• Formation of Community Hub: The Community Hub began with the support of an American Academy of Pediatrics Community Access To Child Health Grant. Project leaders conducted a community needs assessment involving more than 70 health and social service agencies, with the community prioritizing the health and social service issues identified. Participating agencies developed community-wide Pathways to address each of the priority areas, including pregnancy, immunizations, child development, lead screening, and others. All participating agencies received training and developed outcome contracts. Program leaders developed Health Insurance Portability and Accountability Act (HIPAA)–compliant forms and later a HIPAA-compliant database.
  • Expansion to other counties: In February 2000, CHAP expanded to rural Knox County, where Appalachian and Amish clients receive care coordination services.

Resources Used and Skills Needed

  • Staffing: The major staff positions include care coordinators and their supervisors, along with the director and staff of the Community Hub. Each care coordinator is typically drawn from or otherwise reflects the local community being served, and typically manages 35 to 70 clients. The Community Hub is staffed by a director and a handful of other individuals responsible for supporting the network of community agencies by maintaining the database or paper system to eliminate duplication, confirming documentation of results in the Pathways, and providing reports to monitor quality and contractual payments to the agencies. In most communities, a community board with broad representation oversees the Hub.
  • Costs: As of 2009, the average cost of intensively case managing a pregnant or other high-risk client for 1 year is approximately $1,000. These costs may be somewhat lower today, because more local and state funders are using the Community Hub (as of June 2010), thus driving down administrative costs for each participating agency.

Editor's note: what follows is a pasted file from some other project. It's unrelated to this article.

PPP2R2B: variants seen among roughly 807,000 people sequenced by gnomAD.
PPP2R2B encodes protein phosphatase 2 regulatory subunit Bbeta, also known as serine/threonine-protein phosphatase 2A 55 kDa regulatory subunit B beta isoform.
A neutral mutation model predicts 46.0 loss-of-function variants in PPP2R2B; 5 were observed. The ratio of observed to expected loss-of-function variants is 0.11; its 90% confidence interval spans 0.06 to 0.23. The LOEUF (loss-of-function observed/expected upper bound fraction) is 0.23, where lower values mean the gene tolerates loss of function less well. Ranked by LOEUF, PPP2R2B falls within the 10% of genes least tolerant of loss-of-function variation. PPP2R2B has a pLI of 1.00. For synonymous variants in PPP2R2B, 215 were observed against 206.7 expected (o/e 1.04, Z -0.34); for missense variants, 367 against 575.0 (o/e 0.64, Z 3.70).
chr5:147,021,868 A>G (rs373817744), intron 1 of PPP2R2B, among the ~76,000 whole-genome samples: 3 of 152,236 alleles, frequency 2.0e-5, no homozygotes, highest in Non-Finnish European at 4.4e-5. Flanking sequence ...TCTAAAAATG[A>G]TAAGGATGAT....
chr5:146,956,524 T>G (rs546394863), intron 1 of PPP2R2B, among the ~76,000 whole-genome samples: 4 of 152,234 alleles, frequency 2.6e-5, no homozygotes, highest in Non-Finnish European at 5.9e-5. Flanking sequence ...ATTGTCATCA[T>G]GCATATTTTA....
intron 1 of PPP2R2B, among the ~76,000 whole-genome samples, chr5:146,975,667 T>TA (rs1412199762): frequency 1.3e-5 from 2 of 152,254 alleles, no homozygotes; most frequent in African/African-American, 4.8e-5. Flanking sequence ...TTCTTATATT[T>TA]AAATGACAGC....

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Funding Sources

American Academy of Pediatrics; Ohio Department of Job and Family Services; Osteopathic Heritage Foundations; Medicaid Managed Care
CHAP is funded by the Ohio Department of Job and Family Services and through other grants and contracts, including the aforementioned grant from the American Academy of Pediatrics.end fs

Adoption Considerations

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Getting Started with This Innovation

  • Establish coalition: Include community members, private business members, health and social service professionals, funders, and policy makers.
  • Start with desired outcomes: Define the health and social conditions to be addressed, and build Pathways accordingly. Clearly defined goals and target outcomes help to shape the development of other program components.
  • Develop Pathways as quality assurance tools: The Pathways should clearly document the targeted at-risk population, information on barriers this population faces, the connection of individuals to the prescribed services, and a measurable outcome.
  • Develop quality assurance protocols: Build strong quality assurance guidelines and protocols at the outset, and make adjustments as new opportunities arise. Quality assurance should focus on the program's target outcomes.
  • Find initial "bold" funder: Securing initial and ongoing funding represents the greatest challenge in building this kind of program. Funders may not be accustomed to contracts that pay based on achievement of meaningful outcomes rather than process measures. Networking with State and/or Federal agencies might be helpful in identifying an initial "bold" funder, which, in turn, may encourage other funders to join the program once they see documented evidence of success.
  • Conduct needs assessment, train accordingly: Begin with a detailed needs assessment and ensure that all services are provided in a culturally appropriate manner. Provide adequate training to ensure that all care coordinators have the communication skills, trust, and critical wisdom necessary to navigate and network effectively in the community. As new community health workers come on board, such training efforts must be continued.

Sustaining This Innovation

  • Use current community health workers/care coordinators to recruit new ones: Once a community health worker program is up and running, existing care coordinators often represent the best mechanism for identifying and recruiting qualified individuals to serve as new staff.
  • Support care coordinators when poor outcomes occur: Because care coordinators who work with at-risk clients face very challenging circumstances, program leaders need to develop strategies to support them when a client dies or suffers another type of poor outcome.